Christian Martinez’s 6-year-old daughter Bella has a love of nature that drew her immediately to this page from a Renaissance manuscript. Encountering the challenge over breakfast, the family let their imaginations run wild.
“Pasta being life for a 6-year-old, it was first selected, followed by the boiled eggs, which happened to be cooling off to the side,” Christian told us. Next came a brown paper bag as the canvas, and a basil stem from last night’s dinner. “It was truly wonderful to let art be the answer and escape in such a volatile environment,” he added.
Interior with Easel
This early Twentieth Century Scandinavian interior spoke to Tracy McKaskle “because we are all confined to home,” she said. “I really love the lighting in the painting and found the placement of the picture on top of the wall very unusual.”
For her recreation, she stood on a chair and carefully placed some pins to hold the little picture, moved her dining room furniture out of the way, then perfectly placed an easel with a blank canvas. Tracy added that the minimalist vibe of this one room doesn’t apply to the rest of the house. “I’m a collector – from the Salvation Army to estate sales to alleys and sidewalks. The interior painting is the complete opposite of me as I have no empty spaces in my house!”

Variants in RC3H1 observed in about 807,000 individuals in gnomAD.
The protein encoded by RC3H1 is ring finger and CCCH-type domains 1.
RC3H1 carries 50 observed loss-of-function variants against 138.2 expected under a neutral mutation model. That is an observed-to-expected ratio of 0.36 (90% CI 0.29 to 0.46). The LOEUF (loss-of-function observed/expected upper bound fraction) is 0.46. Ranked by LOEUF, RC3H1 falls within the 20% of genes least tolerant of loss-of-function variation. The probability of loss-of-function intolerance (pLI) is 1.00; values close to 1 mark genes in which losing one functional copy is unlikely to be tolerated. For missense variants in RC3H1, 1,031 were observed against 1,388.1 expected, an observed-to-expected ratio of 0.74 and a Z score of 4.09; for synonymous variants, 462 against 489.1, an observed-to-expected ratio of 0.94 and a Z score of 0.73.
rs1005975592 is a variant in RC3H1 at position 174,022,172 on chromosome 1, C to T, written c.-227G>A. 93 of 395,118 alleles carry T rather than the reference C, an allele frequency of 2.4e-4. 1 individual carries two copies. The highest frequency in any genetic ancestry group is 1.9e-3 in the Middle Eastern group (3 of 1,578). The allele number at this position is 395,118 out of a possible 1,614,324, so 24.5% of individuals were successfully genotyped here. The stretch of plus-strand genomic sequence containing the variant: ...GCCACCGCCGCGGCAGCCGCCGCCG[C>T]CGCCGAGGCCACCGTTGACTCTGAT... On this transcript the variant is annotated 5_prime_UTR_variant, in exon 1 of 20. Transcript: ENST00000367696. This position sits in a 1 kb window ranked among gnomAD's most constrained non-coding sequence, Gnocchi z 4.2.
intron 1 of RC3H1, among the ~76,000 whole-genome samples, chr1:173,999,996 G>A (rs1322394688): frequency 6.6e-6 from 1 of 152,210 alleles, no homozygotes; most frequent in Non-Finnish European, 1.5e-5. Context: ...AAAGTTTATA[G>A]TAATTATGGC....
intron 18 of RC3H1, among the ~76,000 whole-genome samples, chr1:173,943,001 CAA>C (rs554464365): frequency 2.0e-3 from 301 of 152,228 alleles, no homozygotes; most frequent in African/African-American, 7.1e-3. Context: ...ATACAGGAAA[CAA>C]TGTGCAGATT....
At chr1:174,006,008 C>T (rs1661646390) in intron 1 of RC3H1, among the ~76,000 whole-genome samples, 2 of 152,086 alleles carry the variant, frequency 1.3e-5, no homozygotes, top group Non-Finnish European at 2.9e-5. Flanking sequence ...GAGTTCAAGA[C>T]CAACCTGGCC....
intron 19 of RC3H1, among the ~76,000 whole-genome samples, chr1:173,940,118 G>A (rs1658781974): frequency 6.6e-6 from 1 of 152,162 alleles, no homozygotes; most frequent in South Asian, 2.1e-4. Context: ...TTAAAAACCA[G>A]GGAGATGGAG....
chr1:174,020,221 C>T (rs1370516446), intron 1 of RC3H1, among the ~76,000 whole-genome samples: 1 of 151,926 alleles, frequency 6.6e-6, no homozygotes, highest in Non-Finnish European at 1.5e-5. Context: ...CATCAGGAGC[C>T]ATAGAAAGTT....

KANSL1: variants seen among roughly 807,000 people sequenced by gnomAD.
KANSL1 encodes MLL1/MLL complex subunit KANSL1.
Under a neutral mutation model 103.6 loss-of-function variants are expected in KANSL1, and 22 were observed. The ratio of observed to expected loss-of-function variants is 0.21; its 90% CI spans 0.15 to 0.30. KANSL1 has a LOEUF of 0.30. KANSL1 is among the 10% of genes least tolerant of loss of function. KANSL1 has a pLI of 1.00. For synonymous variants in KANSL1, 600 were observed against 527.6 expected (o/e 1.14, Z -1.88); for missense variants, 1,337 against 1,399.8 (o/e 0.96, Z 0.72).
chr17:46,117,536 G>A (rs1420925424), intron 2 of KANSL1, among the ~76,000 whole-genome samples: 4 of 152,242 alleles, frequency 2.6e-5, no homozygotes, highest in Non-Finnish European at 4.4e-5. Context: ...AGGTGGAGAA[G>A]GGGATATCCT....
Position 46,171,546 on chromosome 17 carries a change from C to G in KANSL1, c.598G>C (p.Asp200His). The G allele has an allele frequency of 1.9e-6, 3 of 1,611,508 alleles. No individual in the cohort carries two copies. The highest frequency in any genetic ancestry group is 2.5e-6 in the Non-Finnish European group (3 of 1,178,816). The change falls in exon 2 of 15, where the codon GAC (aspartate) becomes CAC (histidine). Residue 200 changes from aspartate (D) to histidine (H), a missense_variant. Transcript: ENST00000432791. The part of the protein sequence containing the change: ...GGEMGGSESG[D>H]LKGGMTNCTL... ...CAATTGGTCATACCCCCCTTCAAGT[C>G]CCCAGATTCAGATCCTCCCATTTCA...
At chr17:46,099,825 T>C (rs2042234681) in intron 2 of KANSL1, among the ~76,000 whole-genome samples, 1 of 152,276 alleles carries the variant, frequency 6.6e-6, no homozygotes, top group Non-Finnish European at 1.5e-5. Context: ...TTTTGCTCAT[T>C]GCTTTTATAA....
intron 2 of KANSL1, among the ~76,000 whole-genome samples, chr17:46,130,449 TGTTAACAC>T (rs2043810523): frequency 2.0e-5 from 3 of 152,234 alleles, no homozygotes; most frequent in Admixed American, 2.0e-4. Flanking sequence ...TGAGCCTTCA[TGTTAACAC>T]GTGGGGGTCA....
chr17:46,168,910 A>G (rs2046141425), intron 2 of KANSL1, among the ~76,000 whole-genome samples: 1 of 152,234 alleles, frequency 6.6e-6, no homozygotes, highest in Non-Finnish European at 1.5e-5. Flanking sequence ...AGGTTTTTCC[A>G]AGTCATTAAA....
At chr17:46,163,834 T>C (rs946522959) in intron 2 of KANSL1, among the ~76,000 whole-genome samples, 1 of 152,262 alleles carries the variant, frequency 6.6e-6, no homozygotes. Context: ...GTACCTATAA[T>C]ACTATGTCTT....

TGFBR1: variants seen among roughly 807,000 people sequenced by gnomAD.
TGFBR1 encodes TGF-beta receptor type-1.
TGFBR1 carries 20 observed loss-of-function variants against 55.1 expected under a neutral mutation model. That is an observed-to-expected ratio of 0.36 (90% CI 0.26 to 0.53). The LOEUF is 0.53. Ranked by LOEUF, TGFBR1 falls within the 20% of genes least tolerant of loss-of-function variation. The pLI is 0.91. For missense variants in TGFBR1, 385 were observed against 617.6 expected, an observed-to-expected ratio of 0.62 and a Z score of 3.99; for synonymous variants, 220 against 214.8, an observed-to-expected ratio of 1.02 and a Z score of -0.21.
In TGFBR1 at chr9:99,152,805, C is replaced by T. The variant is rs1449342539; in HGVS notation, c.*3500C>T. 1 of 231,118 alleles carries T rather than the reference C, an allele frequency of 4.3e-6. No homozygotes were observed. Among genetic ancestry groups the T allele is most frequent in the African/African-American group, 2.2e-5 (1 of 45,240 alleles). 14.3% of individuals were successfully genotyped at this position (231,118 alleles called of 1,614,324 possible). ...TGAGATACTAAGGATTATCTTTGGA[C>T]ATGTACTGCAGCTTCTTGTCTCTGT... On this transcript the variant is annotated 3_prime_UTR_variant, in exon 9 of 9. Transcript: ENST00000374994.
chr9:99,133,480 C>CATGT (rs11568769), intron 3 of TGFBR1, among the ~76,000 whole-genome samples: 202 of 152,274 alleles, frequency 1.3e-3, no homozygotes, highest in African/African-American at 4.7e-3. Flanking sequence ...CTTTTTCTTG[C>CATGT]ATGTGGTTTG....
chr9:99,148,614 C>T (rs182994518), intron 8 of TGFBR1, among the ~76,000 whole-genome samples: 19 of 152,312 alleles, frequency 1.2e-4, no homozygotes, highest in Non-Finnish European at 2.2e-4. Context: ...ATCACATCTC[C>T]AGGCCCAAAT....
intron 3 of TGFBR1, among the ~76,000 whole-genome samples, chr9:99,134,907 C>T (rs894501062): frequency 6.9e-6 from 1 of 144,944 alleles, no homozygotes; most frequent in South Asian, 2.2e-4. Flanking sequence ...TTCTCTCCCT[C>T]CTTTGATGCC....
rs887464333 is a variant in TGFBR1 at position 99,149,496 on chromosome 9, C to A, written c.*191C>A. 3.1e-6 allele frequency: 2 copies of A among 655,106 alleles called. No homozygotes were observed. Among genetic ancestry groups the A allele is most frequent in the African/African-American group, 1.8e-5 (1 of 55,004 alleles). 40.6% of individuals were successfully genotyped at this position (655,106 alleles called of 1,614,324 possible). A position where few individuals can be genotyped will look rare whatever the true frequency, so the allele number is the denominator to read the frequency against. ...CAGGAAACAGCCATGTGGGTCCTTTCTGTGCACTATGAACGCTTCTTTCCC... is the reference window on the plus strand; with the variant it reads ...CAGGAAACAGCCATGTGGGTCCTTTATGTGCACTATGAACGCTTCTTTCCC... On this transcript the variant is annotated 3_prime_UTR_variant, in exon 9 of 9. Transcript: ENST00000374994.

The Harp And The Vacuum
Transforming into an ancient harp player with a vacuum cleaner “was the first thing that came to mind when I was looking at (the Getty) collection,” says Irena Irena Ochódzka, who posed herself into this amazing sculptural recreation. “It seemed like a good idea to combine a more seriously inspired harpist pose with something as mundane as a vacuum cleaner.”
Dad and Daughters
This Baroque masterpiece “was the first painting that stood out to me [in the Getty collections] and I thought we could do it pretty easily,” said Qie Zhang of this family project. Her two girls fought over the yellow dress, she told us, but you can’t tell from the delightful end result.
Her husband’s pose also made us laugh with its allusion to parental exhaustion.
Mantel Clock Meets Tea Time
In this recreation, an ornate timekeeper becomes personal tea time. “I chose the clock because it already was so over-the-top ornate and yet so intimate and familiar,” Sandro Alberti said.